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Florida's New Sixth District Court of Appeal: What It Means for Judges and Attorneys in the State of Florida

On June 2, 2022, Florida Governor Ron DeSantis signed HB 7027, creating Chapter 2022-163, Laws of Florida, which established the Sixth District Court of Appeal (DCA) – Florida's first new appellate court since the creation of the Fifth District Court of Appeal in 1979.

The boundaries of the First, Second, and Fifth District Courts of Appeal will be changed to make way for the newly established Sixth District Court of Appeal, while the boundaries of the Third and Fourth Districts will remain unchanged.

According to the newly enacted legislation, as of January 1, 2023, the Second District Court of Appeal will relocate to St. Petersburg and the newly formed Sixth District Court of Appeal will take over its current headquarters in Lakeland.

The headquarters of the remaining First, Third, Fourth, and Fifth District Courts of Appeal will remain the same. Under the new legislation, the District Courts of Appeal will comprise the following Judicial Circuits:

  • First DCA: First, Second, Third, Eighth, and Fourteenth
  • Second DCA: Sixth, Twelfth, and Thirteenth
  • Third DCA: Eleventh and Sixteenth
  • Fourth DCA: Fifteenth, Seventeenth, and Nineteenth
  • Fifth DCA: Fourth, Fifth, Seventh, and Eighteenth
  • Sixth DCA: Ninth, Tenth, and Twentieth

The Sixth DCA is acquiring the Tenth Judicial Circuit (composed of Hardee, Highlands, and Polk Counties) and the Twentieth Judicial Circuit (composed of Charlotte, Collier, Glades, Hendry, and Lee Counties) from the Second District Court of Appeal, and the Ninth Judicial Circuit (composed of Orange and Osceola Counties) from the Fifth District Court of Appeal. Notably, the First DCA will no longer be the appellate authority for the Fourth Judicial Circuit (composed of Clay, Duval, and Nassau Counties), which will join the Fifth District Court of Appeal.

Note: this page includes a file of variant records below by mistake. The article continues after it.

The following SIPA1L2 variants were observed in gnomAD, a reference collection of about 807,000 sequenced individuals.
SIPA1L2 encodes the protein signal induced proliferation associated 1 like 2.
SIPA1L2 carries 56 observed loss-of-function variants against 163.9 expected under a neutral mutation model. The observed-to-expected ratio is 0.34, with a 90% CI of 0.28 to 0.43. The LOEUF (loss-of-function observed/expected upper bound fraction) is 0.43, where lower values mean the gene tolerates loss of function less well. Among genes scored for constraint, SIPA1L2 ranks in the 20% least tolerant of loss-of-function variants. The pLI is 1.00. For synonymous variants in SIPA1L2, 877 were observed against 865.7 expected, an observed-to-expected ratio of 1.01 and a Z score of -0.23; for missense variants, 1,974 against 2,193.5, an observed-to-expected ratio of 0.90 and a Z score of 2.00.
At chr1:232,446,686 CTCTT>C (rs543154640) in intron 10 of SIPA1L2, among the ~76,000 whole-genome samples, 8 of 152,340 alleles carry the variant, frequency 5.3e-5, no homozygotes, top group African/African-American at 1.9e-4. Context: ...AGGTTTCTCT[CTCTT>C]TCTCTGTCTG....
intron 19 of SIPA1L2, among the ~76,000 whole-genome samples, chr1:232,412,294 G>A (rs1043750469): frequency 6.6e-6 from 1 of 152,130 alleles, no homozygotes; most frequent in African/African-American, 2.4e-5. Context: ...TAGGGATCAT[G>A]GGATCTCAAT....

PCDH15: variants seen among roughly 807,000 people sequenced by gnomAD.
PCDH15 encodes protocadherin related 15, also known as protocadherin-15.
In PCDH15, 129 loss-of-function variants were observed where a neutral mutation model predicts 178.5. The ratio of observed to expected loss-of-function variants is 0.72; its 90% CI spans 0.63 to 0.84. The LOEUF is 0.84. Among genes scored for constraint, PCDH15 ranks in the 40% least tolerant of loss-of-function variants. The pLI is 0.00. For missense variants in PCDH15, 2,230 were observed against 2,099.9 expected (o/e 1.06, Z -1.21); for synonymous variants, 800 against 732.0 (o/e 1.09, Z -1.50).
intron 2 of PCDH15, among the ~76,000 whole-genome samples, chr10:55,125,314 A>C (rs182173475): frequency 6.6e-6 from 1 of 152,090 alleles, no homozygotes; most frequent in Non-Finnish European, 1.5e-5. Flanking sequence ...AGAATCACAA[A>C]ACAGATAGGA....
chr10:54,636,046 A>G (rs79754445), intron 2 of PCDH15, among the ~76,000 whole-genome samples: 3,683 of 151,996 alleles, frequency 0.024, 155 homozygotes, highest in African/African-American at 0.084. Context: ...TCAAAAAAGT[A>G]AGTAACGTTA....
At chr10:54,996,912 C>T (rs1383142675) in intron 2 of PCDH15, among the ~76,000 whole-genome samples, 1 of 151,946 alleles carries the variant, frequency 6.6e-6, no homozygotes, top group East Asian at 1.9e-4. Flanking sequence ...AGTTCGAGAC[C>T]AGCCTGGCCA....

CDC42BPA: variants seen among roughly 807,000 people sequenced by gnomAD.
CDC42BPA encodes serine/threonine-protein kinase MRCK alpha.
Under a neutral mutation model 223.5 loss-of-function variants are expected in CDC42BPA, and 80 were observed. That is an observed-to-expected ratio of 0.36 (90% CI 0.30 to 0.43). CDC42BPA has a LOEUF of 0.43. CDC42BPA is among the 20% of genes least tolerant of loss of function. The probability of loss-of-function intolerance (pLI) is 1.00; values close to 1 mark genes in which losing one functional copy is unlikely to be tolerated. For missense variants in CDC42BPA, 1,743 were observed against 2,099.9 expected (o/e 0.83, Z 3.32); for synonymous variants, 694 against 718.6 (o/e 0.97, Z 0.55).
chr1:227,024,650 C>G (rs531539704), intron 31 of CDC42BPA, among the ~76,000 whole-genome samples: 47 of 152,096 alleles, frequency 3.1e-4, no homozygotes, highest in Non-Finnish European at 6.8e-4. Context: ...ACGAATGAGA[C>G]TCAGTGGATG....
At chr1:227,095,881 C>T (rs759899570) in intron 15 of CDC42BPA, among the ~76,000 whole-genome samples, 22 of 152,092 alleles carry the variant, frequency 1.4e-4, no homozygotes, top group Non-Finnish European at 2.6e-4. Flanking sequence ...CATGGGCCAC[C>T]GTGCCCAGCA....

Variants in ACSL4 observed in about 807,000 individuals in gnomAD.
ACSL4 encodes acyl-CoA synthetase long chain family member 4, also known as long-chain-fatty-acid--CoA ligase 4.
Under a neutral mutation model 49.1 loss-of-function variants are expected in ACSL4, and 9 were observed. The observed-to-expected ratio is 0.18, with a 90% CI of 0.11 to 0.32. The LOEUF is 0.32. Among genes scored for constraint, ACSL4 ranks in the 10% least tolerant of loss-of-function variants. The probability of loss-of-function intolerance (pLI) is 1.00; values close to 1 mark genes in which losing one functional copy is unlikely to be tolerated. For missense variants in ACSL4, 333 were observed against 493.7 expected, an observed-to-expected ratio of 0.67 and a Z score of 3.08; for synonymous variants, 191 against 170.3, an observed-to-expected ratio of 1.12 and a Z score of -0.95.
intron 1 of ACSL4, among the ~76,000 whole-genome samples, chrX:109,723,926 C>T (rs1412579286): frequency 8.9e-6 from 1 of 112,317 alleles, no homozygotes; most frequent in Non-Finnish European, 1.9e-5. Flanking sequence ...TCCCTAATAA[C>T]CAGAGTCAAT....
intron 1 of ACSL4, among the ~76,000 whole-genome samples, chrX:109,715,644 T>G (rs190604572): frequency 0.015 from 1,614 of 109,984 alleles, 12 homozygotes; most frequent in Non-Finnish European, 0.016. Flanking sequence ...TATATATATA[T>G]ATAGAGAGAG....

Judges in three circuits joining the Sixth District Court of Appeal are moving from a well-established body of case law that presently controls their decisions to an uncertain world where no legal precedent exists to control their own decisions (except in situations where the Florida Supreme Court has previously ruled). The newly created Sixth DCA will require numerous case transfers in affected counties, but briefing schedules are not anticipated to be impacted.

Here is what that means for both the trial court judges of the Ninth, Tenth, and Twentieth Judicial Circuits and the new appellate judges on the Sixth District Court of Appeal's panel:

Trial Court Judges and the Supreme Court's Decision in Pardo v. State

In Pardo v. State, 596 So. 2d 665, 667 (Fla. 1992), the Florida Supreme Court explained the hierarchy of authority within the Florida court system as follows: